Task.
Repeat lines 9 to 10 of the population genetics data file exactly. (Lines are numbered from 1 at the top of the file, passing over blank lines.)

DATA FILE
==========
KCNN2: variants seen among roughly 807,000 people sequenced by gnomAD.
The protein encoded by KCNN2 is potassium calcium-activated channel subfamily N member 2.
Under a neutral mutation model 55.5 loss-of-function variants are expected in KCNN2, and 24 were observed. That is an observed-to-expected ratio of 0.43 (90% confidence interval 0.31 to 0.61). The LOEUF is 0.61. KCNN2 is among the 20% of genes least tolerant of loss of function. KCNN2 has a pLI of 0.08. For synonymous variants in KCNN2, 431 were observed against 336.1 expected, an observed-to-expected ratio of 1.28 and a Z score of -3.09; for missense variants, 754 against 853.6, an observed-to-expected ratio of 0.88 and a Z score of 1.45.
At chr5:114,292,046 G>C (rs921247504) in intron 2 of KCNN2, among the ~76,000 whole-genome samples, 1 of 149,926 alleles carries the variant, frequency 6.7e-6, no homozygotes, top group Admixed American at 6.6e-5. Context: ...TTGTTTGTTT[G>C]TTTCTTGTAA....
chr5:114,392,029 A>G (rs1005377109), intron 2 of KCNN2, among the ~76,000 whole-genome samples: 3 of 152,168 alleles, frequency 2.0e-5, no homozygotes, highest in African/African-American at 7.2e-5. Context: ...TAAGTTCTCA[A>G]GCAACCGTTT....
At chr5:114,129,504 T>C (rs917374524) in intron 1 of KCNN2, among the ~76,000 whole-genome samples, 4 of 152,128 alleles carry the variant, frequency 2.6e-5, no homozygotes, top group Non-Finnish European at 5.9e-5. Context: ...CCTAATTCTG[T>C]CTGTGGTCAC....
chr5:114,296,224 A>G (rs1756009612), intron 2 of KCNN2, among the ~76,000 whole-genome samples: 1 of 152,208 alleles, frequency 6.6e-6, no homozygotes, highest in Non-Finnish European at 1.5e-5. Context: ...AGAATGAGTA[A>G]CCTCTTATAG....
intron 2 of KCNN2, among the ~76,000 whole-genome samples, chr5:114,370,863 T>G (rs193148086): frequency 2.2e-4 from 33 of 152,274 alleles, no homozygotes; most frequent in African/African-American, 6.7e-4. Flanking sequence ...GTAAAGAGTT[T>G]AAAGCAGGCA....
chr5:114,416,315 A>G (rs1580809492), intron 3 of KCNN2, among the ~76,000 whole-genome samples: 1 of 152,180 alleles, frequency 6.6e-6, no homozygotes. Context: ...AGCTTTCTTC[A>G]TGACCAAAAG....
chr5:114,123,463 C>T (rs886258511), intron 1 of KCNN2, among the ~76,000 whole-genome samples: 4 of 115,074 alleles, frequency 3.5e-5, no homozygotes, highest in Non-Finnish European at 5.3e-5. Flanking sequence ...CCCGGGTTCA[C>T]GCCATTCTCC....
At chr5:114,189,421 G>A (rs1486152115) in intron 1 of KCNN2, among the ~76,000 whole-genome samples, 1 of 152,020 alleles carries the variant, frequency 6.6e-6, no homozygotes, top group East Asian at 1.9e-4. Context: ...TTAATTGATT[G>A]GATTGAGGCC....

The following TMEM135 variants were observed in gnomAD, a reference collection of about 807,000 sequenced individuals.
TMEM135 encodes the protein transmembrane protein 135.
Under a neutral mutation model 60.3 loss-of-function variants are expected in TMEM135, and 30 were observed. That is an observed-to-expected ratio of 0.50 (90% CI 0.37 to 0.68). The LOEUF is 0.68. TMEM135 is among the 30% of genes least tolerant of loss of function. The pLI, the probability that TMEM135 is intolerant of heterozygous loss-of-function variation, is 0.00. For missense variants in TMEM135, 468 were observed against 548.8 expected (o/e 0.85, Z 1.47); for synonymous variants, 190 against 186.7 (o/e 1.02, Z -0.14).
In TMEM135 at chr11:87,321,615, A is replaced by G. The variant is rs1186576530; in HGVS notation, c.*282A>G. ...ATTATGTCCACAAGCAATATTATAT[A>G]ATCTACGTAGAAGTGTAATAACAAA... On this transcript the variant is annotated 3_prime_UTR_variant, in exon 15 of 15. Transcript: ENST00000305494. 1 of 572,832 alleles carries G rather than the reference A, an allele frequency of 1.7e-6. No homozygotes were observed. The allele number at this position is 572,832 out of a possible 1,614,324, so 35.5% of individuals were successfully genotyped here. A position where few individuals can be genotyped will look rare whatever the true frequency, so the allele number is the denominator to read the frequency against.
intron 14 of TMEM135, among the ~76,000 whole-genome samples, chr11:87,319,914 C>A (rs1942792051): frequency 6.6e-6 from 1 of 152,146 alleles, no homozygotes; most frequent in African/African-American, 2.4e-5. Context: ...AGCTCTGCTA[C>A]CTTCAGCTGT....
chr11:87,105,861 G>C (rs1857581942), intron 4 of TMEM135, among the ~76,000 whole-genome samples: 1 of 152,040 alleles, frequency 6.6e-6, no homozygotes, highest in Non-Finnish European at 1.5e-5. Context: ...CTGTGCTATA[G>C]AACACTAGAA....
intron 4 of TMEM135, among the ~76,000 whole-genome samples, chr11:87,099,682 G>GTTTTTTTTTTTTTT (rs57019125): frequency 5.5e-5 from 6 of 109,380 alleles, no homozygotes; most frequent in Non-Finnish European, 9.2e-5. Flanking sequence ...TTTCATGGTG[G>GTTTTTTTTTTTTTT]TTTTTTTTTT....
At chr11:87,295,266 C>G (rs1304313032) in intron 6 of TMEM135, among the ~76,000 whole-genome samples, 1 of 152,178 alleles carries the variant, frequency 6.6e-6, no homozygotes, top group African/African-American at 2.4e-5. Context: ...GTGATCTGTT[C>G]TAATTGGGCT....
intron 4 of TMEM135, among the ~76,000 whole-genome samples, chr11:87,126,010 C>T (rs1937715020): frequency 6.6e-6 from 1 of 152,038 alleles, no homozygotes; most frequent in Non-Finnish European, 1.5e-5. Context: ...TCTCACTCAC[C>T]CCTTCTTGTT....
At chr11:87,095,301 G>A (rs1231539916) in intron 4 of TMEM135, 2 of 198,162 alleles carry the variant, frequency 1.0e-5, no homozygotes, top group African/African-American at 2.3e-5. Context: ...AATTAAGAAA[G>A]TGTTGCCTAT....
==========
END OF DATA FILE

chr5:114,416,315 A>G (rs1580809492), intron 3 of KCNN2, among the ~76,000 whole-genome samples: 1 of 152,180 alleles, frequency 6.6e-6, no homozygotes. Context: ...AGCTTTCTTC[A>G]TGACCAAAAG....
chr5:114,123,463 C>T (rs886258511), intron 1 of KCNN2, among the ~76,000 whole-genome samples: 4 of 115,074 alleles, frequency 3.5e-5, no homozygotes, highest in Non-Finnish European at 5.3e-5. Flanking sequence ...CCCGGGTTCA[C>T]GCCATTCTCC....